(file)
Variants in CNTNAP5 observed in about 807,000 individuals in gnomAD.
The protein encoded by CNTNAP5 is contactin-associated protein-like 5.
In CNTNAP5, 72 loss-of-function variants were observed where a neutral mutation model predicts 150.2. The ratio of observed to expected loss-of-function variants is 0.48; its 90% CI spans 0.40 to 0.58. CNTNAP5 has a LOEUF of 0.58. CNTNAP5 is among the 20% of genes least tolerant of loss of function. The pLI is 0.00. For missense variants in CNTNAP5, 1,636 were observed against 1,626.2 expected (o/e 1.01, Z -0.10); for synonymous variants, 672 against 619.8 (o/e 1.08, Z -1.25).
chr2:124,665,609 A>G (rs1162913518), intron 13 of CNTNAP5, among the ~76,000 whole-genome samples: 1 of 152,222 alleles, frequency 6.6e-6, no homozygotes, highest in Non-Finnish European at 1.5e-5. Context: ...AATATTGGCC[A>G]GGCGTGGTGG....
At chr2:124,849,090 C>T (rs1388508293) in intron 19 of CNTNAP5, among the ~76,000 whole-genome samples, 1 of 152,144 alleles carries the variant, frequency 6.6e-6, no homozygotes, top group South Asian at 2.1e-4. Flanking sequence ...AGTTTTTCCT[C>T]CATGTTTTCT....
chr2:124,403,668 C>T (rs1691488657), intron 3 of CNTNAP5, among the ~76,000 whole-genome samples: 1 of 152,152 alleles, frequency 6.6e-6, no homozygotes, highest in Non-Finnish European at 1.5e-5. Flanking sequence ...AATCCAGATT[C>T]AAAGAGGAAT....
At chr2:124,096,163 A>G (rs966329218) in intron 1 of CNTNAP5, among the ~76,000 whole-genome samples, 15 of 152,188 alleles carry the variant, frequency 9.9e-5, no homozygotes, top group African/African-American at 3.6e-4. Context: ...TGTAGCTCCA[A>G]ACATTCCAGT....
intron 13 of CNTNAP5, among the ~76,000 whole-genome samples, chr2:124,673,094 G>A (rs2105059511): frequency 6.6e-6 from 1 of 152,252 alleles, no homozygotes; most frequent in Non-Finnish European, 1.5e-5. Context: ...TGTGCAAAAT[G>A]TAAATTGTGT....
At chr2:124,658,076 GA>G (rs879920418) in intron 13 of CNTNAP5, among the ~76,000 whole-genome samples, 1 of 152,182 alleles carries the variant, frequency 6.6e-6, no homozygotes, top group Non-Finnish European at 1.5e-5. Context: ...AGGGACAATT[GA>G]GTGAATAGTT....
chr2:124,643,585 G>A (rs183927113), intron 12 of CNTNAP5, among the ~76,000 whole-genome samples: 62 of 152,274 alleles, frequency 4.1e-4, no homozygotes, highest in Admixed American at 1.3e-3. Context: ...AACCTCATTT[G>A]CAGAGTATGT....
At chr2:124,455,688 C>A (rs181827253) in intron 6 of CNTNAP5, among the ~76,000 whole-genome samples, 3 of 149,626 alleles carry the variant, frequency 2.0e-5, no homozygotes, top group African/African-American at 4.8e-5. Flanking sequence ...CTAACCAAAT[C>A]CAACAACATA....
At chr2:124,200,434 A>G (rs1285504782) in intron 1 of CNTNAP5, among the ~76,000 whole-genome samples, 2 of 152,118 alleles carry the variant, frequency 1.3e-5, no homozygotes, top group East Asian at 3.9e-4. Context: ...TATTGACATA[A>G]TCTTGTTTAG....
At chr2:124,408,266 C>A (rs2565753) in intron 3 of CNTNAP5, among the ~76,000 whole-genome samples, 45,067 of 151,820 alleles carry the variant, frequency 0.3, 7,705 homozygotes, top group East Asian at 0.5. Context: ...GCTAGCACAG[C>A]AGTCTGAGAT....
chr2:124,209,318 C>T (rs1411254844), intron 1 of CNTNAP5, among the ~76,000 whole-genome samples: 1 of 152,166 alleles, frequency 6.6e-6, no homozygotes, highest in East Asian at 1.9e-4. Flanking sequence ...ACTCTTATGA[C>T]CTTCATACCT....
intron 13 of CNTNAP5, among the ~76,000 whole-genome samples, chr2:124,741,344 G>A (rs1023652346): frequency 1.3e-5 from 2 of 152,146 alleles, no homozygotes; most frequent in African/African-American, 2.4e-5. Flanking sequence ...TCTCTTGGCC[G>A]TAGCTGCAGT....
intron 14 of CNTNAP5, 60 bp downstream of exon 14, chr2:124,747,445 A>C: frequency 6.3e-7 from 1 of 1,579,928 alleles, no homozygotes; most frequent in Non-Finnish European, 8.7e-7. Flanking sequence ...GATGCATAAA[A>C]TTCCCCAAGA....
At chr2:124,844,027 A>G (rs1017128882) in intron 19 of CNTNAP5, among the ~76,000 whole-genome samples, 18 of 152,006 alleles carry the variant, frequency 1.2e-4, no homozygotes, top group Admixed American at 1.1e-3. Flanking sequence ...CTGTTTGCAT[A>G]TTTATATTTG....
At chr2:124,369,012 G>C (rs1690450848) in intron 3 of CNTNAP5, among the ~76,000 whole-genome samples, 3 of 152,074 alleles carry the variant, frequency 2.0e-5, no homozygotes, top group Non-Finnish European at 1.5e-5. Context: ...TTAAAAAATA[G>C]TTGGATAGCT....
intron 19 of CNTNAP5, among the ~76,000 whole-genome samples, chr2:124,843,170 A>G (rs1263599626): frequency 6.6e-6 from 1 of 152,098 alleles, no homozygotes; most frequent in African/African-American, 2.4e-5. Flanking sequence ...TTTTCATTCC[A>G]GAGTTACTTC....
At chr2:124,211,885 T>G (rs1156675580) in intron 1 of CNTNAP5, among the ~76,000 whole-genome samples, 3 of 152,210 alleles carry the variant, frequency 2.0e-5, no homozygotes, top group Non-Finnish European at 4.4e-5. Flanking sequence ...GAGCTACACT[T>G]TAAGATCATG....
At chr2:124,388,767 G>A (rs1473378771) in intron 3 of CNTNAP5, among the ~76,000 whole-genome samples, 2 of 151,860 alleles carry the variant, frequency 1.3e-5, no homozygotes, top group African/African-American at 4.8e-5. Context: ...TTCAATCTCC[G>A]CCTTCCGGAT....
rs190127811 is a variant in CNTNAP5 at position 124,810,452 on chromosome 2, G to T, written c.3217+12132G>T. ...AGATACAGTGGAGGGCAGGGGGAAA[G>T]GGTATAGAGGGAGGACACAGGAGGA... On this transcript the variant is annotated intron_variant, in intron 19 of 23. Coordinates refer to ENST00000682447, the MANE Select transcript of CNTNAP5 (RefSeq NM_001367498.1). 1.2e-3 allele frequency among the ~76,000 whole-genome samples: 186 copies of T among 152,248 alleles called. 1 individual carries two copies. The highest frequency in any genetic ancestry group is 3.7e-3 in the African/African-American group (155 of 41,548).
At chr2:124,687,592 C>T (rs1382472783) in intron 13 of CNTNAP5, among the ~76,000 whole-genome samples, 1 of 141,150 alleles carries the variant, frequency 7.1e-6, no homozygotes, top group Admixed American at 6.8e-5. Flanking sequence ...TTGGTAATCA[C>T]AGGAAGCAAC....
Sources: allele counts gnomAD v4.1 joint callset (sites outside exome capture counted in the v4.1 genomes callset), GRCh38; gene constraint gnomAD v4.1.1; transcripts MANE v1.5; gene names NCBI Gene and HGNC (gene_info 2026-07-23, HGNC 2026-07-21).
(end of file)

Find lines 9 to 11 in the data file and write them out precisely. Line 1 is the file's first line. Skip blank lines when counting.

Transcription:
At chr2:124,658,076 GA>G (rs879920418) in intron 13 of CNTNAP5, among the ~76,000 whole-genome samples, 1 of 152,182 alleles carries the variant, frequency 6.6e-6, no homozygotes, top group Non-Finnish European at 1.5e-5. Context: ...AGGGACAATT[GA>G]GTGAATAGTT....
chr2:124,643,585 G>A (rs183927113), intron 12 of CNTNAP5, among the ~76,000 whole-genome samples: 62 of 152,274 alleles, frequency 4.1e-4, no homozygotes, highest in Admixed American at 1.3e-3. Context: ...AACCTCATTT[G>A]CAGAGTATGT....
At chr2:124,455,688 C>A (rs181827253) in intron 6 of CNTNAP5, among the ~76,000 whole-genome samples, 3 of 149,626 alleles carry the variant, frequency 2.0e-5, no homozygotes, top group African/African-American at 4.8e-5. Flanking sequence ...CTAACCAAAT[C>A]CAACAACATA....